El Niño: It isn't just the warm phase of the El Niño Southern Oscillation, a periodic climate cycle caused by variation in sea surface temperatures in the eastern Pacific Ocean. It's also the perfect costume for an outdoor Halloween party.
Transforming yourself into El Niño is easy because the effects of this warm-water phenomenon vary so greatly. In some places, El Niño is associated with warming sea surface temperatures (you could wear a bikini!), but it's also associated with increased sea ice in certain places (put on your full-body wet suit!).
One of the most widely known effects of El Niño is increased rainfall in some areas of the globe. If you relate to this, try carrying some water bottles around with you, and squirt them at your fellow partygoers. Everyone will love it, unless they hate it — in which case, put the water bottles down and dry people off with a towel. (El Niño is also associated with drier-than-average weather in certain areas of the world.)
Iron (Fe) Man
If you want to be a superhero and a science geek at the same time this Halloween, then the "Iron (Fe) Man" costume is perfect for you. To assemble your costume, find two large pieces of cardboard (one for your front side and one for your backside). Draw a large "Fe" (the atomic symbol for iron on the Periodic Table of Elements) on each piece of cardboard, and strap them onto your body to complete the look.
If no one understands your costume, it may be time to find nerdier friends.
If the thought of being dark matter for Halloween sounds gloomy, then a constellation might be a better costume choice for you. To make this costume, assemble an all-black outfit and buy a package of large, plastic, glow-in-the-dark stars. Lay your black clothes down on a bed, and stick the stars to the clothes in the shape of your favorite constellation.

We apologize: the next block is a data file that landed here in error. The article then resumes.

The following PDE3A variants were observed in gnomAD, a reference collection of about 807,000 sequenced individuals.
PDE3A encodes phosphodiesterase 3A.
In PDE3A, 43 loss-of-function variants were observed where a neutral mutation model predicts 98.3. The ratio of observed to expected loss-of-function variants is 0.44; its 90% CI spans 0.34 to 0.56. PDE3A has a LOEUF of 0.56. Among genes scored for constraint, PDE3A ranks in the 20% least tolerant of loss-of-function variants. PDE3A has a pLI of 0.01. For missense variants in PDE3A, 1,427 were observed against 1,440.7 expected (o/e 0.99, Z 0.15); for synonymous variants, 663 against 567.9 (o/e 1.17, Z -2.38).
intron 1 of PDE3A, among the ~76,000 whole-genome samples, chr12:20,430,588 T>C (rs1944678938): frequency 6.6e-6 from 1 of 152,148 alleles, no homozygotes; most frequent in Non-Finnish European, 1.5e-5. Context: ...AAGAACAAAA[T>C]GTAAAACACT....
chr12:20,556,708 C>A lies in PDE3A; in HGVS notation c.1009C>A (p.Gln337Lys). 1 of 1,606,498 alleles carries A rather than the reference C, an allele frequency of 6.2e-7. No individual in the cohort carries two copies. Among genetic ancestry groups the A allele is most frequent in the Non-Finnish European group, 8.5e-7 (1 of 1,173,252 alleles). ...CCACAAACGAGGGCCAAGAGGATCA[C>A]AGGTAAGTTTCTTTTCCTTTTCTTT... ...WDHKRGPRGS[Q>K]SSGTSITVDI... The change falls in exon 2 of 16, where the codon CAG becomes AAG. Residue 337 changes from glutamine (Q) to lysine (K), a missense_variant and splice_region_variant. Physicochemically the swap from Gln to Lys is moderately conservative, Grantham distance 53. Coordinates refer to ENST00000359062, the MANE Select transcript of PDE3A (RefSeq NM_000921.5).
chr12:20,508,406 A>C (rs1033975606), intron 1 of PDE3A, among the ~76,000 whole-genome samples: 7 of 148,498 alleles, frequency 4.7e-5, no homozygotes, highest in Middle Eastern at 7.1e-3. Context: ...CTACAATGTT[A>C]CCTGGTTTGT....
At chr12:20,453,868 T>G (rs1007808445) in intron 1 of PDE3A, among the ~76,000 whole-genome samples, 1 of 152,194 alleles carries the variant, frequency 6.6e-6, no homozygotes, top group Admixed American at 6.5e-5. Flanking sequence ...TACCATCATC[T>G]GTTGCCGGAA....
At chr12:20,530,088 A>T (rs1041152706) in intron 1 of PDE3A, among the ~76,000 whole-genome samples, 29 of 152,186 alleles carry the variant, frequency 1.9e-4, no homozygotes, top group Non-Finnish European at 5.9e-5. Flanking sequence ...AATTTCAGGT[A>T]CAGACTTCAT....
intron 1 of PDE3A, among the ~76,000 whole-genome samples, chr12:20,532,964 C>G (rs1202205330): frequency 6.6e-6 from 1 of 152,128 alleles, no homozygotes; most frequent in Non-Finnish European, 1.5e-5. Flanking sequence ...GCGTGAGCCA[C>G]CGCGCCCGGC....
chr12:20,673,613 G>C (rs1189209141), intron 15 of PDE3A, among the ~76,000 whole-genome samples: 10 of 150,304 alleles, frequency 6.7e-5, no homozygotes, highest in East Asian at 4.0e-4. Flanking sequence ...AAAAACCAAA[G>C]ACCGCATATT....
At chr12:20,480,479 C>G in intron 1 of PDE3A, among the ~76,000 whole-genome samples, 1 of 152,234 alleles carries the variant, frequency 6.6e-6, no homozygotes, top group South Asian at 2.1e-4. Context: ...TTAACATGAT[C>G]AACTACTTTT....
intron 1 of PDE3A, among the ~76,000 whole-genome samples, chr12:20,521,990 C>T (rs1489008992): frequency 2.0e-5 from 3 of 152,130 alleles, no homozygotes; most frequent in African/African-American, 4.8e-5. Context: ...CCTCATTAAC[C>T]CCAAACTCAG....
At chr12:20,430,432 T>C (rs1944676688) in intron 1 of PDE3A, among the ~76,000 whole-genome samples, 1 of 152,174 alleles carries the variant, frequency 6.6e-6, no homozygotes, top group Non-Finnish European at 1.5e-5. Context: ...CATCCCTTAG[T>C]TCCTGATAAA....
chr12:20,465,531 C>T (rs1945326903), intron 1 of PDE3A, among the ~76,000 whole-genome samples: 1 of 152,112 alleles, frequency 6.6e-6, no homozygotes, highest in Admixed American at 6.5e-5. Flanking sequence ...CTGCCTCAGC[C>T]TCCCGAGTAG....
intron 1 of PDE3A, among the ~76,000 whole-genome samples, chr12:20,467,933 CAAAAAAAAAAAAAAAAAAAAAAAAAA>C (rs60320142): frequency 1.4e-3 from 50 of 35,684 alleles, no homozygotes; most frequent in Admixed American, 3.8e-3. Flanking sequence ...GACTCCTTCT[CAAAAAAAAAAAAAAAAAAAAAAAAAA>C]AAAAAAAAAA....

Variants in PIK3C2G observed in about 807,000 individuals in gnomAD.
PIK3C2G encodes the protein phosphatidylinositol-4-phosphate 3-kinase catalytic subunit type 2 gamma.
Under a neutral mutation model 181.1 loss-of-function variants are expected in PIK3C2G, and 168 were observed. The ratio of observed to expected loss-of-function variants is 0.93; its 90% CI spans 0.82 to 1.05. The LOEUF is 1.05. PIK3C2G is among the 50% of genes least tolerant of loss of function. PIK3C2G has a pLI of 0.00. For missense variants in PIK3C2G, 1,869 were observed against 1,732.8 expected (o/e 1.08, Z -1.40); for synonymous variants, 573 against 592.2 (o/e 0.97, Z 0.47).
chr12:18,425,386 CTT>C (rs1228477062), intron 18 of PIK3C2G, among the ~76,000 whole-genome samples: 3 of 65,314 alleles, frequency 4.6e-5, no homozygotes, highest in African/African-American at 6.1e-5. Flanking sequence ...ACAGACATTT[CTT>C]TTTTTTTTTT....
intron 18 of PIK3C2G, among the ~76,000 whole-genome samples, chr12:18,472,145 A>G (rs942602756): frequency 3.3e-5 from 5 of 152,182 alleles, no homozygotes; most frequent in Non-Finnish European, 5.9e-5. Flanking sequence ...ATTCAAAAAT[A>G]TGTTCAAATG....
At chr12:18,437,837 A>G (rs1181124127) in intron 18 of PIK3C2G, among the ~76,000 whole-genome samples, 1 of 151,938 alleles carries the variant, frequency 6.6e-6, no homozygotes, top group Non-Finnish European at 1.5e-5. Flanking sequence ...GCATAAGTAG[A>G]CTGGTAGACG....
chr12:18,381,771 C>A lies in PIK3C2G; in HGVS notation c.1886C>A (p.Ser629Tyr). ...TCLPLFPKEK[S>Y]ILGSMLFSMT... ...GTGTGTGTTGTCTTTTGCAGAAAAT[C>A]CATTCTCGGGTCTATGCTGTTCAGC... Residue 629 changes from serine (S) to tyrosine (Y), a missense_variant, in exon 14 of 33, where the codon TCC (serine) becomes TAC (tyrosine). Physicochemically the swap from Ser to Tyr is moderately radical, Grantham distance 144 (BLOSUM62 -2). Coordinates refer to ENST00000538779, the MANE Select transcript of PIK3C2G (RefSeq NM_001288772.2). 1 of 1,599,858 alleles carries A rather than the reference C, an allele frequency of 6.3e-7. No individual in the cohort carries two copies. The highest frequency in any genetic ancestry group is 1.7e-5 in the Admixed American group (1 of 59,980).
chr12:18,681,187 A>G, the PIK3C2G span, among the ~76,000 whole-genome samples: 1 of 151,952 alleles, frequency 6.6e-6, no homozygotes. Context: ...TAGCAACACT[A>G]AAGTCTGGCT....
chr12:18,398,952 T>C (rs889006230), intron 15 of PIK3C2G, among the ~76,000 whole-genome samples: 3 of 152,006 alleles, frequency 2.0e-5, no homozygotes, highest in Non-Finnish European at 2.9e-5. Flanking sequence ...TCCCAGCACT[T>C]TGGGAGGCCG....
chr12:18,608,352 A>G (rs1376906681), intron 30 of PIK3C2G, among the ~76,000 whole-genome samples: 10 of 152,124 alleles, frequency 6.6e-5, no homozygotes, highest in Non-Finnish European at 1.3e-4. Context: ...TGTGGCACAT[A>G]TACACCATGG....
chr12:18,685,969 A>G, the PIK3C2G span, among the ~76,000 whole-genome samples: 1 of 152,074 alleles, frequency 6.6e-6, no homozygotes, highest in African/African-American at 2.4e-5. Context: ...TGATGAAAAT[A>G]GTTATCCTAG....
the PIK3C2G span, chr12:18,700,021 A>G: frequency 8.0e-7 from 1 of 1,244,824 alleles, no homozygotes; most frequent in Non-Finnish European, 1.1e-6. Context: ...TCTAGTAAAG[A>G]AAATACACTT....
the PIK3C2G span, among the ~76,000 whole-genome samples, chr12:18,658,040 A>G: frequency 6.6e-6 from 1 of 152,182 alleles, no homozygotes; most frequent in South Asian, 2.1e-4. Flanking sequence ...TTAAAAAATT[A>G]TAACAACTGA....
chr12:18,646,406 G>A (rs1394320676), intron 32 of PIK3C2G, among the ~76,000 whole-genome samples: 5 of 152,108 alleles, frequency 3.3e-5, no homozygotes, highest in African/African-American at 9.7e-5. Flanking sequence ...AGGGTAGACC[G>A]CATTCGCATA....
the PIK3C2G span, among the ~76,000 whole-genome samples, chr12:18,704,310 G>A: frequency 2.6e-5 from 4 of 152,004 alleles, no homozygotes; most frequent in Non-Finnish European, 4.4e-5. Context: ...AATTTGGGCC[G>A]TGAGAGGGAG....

Orion, Cassiopeia, the Little Dipper — it doesn't really matter which one you choose; you're sure to be the star of the show.
You could be a skeleton this Halloween, or you could be something so much better — a Skeletorus. If you're not familiar with this tiny arachnid, which was first discovered in Australia earlier this year, then do some quick reading before making your costume.
To create the spider costume, you can either purchase a skeleton shirt or make one yourself (Fiskars has good tutorials on how to make your own using a black T-shirt, a white T-shirt and some wax paper). Then, you'll need to make four spider legs (your two arms and two legs will serve as the other four legs) by stuffing black tube socks or stockings filled with crumpled-up newspaper and sewing or stapling them to the sides of your shirt.
To complete the look, you'll need oversize eyes — so get out your most fashionable sunglasses, and then go party.
Follow Elizabeth Palermo @techEpalermo. Follow Live Science @livescience, Facebook & Google+. Original article on Live Science.